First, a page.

Many doctors are suggesting that it would be reasonable for Medicare to immediately introduce a GP payment for corona-related telephone consultations. I have heard of doctors charging $90 for a phone consultation. Even in what is probably the early stages of a larger epidemic, talking to the worried well is increasingly onerous, but desirable. GPs’ non-medical health care professionals and staff need to be clearly advised and involved in patient communication and education.

State and Commonwealth responsibilities are now better integrated and peak professional bodies are having appropriate influence. You will not be surprised to know that providing all this in rural and remote communities is particularly difficult.

Preparedness for a worst-case scenario

While the majority of the confirmed infections with COVID-19 we are documenting in Australia involve individuals who encountered the virus while abroad, we are now seeing cases where Australians, who have not experienced recent travel have been infected and are infecting other Australians. This intra-community spreading of the virus is alarming as there is no doubt that it heralds a self-sustaining epidemic that will involve many episode of serious illness requiring intensive care in our hospitals. COVID-19-triggered pneumonia, kidney disease and heart failure need to be managed in intensive care units. Will we have enough beds?

The bed occupancy rate in our public hospitals in a normal winter is often 100%, with many beds occupied by patients with severe complications following infection with the Influenza virus. We Australians tend to call any winter cold “the flu”. Most winter infections are in fact caused by the relatively harmless, though annoying, common cold virus (another member of the Corona family). Real “flu” i.e. infection with the Influenza virus is a far more serious affair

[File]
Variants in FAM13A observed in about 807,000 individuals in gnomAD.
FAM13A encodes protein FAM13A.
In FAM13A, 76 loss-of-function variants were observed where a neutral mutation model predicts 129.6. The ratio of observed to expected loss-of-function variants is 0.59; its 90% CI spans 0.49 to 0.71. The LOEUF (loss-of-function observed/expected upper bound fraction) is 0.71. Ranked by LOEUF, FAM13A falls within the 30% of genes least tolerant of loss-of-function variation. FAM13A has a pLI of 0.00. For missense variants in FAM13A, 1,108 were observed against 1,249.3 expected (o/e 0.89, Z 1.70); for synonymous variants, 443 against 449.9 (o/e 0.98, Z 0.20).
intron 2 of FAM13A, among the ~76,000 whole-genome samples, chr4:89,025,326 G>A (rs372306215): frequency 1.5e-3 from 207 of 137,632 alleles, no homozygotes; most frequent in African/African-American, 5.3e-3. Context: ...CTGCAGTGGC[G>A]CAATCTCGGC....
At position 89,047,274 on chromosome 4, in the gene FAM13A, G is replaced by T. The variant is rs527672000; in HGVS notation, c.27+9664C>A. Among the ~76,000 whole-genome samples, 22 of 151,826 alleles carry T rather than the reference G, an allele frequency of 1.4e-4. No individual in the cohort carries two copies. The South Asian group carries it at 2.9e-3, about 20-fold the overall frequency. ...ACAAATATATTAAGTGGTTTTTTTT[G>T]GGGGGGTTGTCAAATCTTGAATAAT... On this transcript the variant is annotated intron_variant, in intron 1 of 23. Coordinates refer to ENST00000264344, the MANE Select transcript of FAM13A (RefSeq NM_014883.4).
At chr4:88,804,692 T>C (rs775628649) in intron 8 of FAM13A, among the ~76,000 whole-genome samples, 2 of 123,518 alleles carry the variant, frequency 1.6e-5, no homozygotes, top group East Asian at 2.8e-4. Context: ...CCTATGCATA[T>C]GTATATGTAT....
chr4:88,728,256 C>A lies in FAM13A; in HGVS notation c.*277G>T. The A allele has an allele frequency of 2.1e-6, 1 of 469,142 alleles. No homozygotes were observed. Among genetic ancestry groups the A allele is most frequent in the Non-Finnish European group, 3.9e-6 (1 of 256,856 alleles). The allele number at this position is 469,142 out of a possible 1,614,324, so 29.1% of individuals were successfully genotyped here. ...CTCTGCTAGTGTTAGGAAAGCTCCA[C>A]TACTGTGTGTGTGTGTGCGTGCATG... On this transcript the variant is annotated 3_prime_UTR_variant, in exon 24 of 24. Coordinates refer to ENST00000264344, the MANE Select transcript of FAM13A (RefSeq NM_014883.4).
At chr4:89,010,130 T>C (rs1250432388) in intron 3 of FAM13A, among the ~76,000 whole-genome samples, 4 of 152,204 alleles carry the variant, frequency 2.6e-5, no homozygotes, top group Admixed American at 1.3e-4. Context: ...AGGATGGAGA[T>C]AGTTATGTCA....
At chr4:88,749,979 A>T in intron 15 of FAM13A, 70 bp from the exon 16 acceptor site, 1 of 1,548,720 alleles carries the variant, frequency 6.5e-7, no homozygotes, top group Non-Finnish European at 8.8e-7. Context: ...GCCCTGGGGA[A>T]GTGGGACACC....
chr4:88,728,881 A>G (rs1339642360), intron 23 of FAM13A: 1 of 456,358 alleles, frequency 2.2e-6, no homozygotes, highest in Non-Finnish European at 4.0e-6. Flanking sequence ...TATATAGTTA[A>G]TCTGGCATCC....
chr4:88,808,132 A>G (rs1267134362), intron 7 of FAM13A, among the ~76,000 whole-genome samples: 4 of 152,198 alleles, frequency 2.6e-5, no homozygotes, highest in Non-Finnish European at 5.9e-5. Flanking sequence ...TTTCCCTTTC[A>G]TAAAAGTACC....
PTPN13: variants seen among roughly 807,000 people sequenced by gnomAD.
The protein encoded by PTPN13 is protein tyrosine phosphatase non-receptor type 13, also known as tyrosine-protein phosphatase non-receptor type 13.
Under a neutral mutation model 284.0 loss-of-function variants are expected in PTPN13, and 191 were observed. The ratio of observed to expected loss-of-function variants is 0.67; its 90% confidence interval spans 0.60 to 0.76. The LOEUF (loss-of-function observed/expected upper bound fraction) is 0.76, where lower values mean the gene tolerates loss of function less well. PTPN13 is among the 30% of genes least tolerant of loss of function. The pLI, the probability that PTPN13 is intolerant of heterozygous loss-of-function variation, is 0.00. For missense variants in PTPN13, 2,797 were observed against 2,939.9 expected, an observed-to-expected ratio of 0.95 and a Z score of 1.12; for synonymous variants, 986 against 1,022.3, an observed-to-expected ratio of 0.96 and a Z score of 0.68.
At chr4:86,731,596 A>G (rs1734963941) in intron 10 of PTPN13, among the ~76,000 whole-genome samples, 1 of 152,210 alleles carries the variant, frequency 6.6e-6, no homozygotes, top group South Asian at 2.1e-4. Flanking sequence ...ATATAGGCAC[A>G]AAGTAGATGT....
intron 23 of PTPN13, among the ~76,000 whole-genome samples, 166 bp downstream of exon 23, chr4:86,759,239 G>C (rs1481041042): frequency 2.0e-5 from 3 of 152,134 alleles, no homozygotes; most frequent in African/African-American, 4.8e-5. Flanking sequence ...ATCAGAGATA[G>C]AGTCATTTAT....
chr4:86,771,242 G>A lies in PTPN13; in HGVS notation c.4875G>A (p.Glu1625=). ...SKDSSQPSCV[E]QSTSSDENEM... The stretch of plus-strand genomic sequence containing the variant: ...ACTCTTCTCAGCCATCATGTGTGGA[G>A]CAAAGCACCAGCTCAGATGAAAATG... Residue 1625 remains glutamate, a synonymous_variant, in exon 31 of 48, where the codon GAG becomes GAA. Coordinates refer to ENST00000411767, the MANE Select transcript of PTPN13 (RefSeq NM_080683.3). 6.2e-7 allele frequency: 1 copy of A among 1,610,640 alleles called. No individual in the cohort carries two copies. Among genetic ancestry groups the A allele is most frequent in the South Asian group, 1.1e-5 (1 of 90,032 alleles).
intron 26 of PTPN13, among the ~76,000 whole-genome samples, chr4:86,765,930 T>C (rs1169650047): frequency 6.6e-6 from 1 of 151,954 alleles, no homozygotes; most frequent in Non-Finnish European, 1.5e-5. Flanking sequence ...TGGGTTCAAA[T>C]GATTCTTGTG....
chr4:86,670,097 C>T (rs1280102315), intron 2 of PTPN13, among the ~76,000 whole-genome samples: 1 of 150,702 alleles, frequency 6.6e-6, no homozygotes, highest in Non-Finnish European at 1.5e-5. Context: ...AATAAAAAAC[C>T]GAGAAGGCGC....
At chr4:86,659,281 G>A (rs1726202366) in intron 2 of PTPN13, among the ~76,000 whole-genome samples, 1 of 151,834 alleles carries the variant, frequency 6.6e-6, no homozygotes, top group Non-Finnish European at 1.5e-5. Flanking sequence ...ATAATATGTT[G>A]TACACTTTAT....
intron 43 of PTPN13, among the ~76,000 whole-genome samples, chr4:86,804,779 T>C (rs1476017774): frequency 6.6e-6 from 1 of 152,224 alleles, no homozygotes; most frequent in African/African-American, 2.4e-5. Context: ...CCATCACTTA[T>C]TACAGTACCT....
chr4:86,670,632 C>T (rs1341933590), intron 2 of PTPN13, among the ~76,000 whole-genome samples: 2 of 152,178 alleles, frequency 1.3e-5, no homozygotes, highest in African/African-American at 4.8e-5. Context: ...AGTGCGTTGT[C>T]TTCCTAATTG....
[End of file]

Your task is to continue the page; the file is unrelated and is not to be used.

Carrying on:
We cannot be certain this early in the year, if 2020 will feature a particularly severe epidemic of influenza, but two signs are worrying: the severe influenza epidemic in the northern hemisphere last year and the fact that 12,000 cases of influenza have already been diagnosed here this year. Our peak months are usually August and September.

In the just finishing US winter, 16,000,000 people with influenza required hospital care. More than 16,000 died. In Australia between April and September 2019, in what was generally regarded as a mild flu season, there were 3732 people admitted to hospitals due to influenza, and of those, 237 (6.4%) required admission to an Intensive Care Unit .192 deaths were reported.